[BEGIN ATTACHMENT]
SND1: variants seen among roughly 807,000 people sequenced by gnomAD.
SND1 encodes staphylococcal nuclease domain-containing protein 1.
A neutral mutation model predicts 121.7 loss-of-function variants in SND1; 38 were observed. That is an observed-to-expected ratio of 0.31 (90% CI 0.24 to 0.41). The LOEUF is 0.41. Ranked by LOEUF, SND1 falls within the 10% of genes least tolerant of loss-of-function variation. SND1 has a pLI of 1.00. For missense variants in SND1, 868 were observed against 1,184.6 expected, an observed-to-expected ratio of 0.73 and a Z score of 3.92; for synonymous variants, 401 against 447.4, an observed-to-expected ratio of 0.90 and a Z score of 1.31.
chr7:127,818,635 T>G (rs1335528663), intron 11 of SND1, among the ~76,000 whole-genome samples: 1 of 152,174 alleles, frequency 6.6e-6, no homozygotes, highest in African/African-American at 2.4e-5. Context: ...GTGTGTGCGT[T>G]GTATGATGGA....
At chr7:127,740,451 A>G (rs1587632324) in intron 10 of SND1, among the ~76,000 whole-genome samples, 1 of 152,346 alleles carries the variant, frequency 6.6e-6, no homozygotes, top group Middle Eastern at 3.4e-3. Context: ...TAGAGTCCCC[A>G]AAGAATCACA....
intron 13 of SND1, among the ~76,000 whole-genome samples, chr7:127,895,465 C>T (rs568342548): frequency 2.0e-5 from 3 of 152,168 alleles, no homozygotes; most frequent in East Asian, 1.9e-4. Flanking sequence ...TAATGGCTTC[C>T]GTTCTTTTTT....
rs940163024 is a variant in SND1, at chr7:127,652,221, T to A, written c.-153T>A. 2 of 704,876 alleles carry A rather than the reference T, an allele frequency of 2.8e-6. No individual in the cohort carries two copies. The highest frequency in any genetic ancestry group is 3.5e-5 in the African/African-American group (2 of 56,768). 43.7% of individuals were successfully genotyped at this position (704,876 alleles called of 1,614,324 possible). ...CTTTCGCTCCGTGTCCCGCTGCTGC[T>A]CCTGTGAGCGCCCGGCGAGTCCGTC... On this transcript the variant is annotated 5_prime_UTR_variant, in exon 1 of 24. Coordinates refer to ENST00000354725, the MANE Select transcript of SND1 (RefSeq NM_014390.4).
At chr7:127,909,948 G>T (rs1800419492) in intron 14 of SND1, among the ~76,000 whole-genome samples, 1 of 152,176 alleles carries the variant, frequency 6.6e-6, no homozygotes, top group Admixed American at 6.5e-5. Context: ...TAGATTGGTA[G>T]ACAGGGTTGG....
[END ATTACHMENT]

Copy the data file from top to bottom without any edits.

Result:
SND1: variants seen among roughly 807,000 people sequenced by gnomAD.
SND1 encodes staphylococcal nuclease domain-containing protein 1.
A neutral mutation model predicts 121.7 loss-of-function variants in SND1; 38 were observed. That is an observed-to-expected ratio of 0.31 (90% CI 0.24 to 0.41). The LOEUF is 0.41. Ranked by LOEUF, SND1 falls within the 10% of genes least tolerant of loss-of-function variation. SND1 has a pLI of 1.00. For missense variants in SND1, 868 were observed against 1,184.6 expected, an observed-to-expected ratio of 0.73 and a Z score of 3.92; for synonymous variants, 401 against 447.4, an observed-to-expected ratio of 0.90 and a Z score of 1.31.
chr7:127,818,635 T>G (rs1335528663), intron 11 of SND1, among the ~76,000 whole-genome samples: 1 of 152,174 alleles, frequency 6.6e-6, no homozygotes, highest in African/African-American at 2.4e-5. Context: ...GTGTGTGCGT[T>G]GTATGATGGA....
At chr7:127,740,451 A>G (rs1587632324) in intron 10 of SND1, among the ~76,000 whole-genome samples, 1 of 152,346 alleles carries the variant, frequency 6.6e-6, no homozygotes, top group Middle Eastern at 3.4e-3. Context: ...TAGAGTCCCC[A>G]AAGAATCACA....
intron 13 of SND1, among the ~76,000 whole-genome samples, chr7:127,895,465 C>T (rs568342548): frequency 2.0e-5 from 3 of 152,168 alleles, no homozygotes; most frequent in East Asian, 1.9e-4. Flanking sequence ...TAATGGCTTC[C>T]GTTCTTTTTT....
rs940163024 is a variant in SND1, at chr7:127,652,221, T to A, written c.-153T>A. 2 of 704,876 alleles carry A rather than the reference T, an allele frequency of 2.8e-6. No individual in the cohort carries two copies. The highest frequency in any genetic ancestry group is 3.5e-5 in the African/African-American group (2 of 56,768). 43.7% of individuals were successfully genotyped at this position (704,876 alleles called of 1,614,324 possible). ...CTTTCGCTCCGTGTCCCGCTGCTGC[T>A]CCTGTGAGCGCCCGGCGAGTCCGTC... On this transcript the variant is annotated 5_prime_UTR_variant, in exon 1 of 24. Coordinates refer to ENST00000354725, the MANE Select transcript of SND1 (RefSeq NM_014390.4).
At chr7:127,909,948 G>T (rs1800419492) in intron 14 of SND1, among the ~76,000 whole-genome samples, 1 of 152,176 alleles carries the variant, frequency 6.6e-6, no homozygotes, top group Admixed American at 6.5e-5. Context: ...TAGATTGGTA[G>T]ACAGGGTTGG....